New Plant-Based Meat and Dairy Are Disrupting the Traditional Industry

By Sam Cohen (New York University - Leonard N. Stern School of Business)


Trend Summary


Across the globe, the meat and dairy industry is undergoing a transformation as traditional products experience increased competition from plant based alternative products. Historically, plant-based meat and dairy substitutes aimed to capture a very specific consumer, opting toward these products regardless of their flavor. More recently, a surge in consumer demand has indicated increased inclination towards these products for reasons including health, environmental effect, and moral concern. While traditional meat and dairy alternatives have experienced additional growth, this trend appears to have been accelerated by developments of new products that aim to replicate the experience of authentic meat and dairy consumption. The growth in plant-based alternatives’ market share has prompted dominant players in the meat and dairy business, such as Tyson and Cargill, to increase involvement in this expanding sector. More recently, the COVID-19 pandemic, has accelerated these trends as the plant-based alternatives industry experienced an influx of consumers shifting away from traditional meat consumption as marketplaces endured meat shortages and greater emphasis was placed upon health.


Figure 1: Total US Plant-Based Food Market (Market Research)


Key Drivers


It is evident that consumers have become increasingly more ethical and health-conscious.


Health Benefits of a Plant Focused Diet. There has been a rise in adoption of flexitarian dieting, a practice in which individuals generally consume vegetable based foods, but do not explicitly exclude meat. Increased consumption of vegetable products in place of meats is considered to be a healthier standard for eating. Improvements in heart health, weight, and vitamin intake are just a few of the attributes associated with this diet. Recently, various studies have concluded that a plant-based diet can reduce blood pressure, thereby reducing risk for conditions such as diabetes, heart disease, and strokes. Similarly, a 2019 study published by the Journal of the American Heart Association found that eating a plant-based diet may reduce the risk of developing cardiovascular disease by 16 percent and their mortality rate by 31 percent.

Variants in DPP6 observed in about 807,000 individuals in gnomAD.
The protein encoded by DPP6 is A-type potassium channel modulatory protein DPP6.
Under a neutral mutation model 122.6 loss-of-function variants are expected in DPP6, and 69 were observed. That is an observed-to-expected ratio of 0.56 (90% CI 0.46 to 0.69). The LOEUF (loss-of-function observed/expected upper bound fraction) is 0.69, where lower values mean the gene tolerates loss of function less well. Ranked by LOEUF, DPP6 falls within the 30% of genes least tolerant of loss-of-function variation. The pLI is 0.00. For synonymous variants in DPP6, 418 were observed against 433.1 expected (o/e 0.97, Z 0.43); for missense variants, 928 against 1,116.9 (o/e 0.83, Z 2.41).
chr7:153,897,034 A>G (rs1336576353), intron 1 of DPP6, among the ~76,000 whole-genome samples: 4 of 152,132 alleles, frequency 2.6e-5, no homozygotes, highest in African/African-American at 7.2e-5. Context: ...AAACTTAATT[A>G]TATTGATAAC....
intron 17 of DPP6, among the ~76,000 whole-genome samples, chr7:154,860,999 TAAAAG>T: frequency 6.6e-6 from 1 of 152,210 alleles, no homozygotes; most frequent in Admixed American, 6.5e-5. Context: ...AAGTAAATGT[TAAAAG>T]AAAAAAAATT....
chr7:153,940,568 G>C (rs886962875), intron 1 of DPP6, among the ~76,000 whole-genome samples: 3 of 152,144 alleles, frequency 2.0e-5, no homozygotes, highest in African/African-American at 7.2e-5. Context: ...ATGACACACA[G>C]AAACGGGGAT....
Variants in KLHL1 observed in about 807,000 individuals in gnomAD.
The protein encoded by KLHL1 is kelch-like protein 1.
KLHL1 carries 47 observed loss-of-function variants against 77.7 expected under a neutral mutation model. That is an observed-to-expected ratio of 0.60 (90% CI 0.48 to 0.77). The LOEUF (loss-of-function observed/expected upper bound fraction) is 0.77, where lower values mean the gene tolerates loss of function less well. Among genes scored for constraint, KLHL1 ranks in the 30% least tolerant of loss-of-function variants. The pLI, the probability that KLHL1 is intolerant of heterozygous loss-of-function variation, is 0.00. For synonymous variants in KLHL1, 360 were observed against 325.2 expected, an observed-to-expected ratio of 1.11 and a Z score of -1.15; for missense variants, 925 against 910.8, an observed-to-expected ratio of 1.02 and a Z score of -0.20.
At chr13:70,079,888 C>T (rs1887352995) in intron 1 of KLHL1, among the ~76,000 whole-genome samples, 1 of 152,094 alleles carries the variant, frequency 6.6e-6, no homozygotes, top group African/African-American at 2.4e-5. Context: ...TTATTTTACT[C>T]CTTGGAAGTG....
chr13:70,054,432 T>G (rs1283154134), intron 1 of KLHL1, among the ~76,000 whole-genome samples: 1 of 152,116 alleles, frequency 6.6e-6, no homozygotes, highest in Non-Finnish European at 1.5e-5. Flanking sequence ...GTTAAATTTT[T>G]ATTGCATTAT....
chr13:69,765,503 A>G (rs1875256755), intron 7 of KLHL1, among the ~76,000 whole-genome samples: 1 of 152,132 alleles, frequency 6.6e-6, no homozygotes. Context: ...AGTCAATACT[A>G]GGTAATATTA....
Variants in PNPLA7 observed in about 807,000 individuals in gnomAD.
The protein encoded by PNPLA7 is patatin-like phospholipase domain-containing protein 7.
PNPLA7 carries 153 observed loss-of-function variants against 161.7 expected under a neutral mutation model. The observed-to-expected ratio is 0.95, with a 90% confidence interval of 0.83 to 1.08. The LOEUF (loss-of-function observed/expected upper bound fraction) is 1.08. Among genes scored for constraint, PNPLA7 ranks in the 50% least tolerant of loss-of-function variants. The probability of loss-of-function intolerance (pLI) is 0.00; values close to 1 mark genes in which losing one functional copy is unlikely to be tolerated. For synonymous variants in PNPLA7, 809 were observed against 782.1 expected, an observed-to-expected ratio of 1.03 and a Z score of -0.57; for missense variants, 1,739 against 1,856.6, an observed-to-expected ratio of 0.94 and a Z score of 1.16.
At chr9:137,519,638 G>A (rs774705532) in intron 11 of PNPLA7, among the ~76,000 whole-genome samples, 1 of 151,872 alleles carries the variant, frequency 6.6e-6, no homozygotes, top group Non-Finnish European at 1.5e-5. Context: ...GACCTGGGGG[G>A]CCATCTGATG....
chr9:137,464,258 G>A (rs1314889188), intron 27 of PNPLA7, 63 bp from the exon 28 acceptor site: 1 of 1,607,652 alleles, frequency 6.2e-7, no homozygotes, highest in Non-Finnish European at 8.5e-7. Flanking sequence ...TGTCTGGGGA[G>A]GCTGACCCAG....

Figure 2: Plant Based Foods Have Gone Mainstream (PlantBasedFoods)


Figure 3: Who is the Plant-Based Shopper? (PlantBasedFoods)


Environmental Concern. Consumers have also become more aware of the environmental impacts linked to the products they consume, which plant-based alternatives help to mitigate. Specifically in the Gen X and Millennial consumer demographic, sustainability is an important factor in their purchasing of goods. The manufacturing process of plant-based meat and dairy substitutes requires substantially less use of energy, water, and results in less emissions of byproducts deemed harmful to the environment. For example, The Center for Sustainable Systems at the University of Michigan concluded that “a plant-based burger generates 90% less greenhouse gas emissions, requires 45% less energy, has 99% less impact on water scarcity, and 93% less impact on land use than a ¼ pound of traditional U.S. beef”. Livestock farming alone contributes to 18% of human produced greenhouse gasses and, understanding this, it is evident that reduced consumption of related products is likely to significantly reduce environmental damage. With conversations on the topic of global warming and environmental degradation being at the forefront of our political and scientific climates, such implications have become incredibly impactful upon consumer preferences.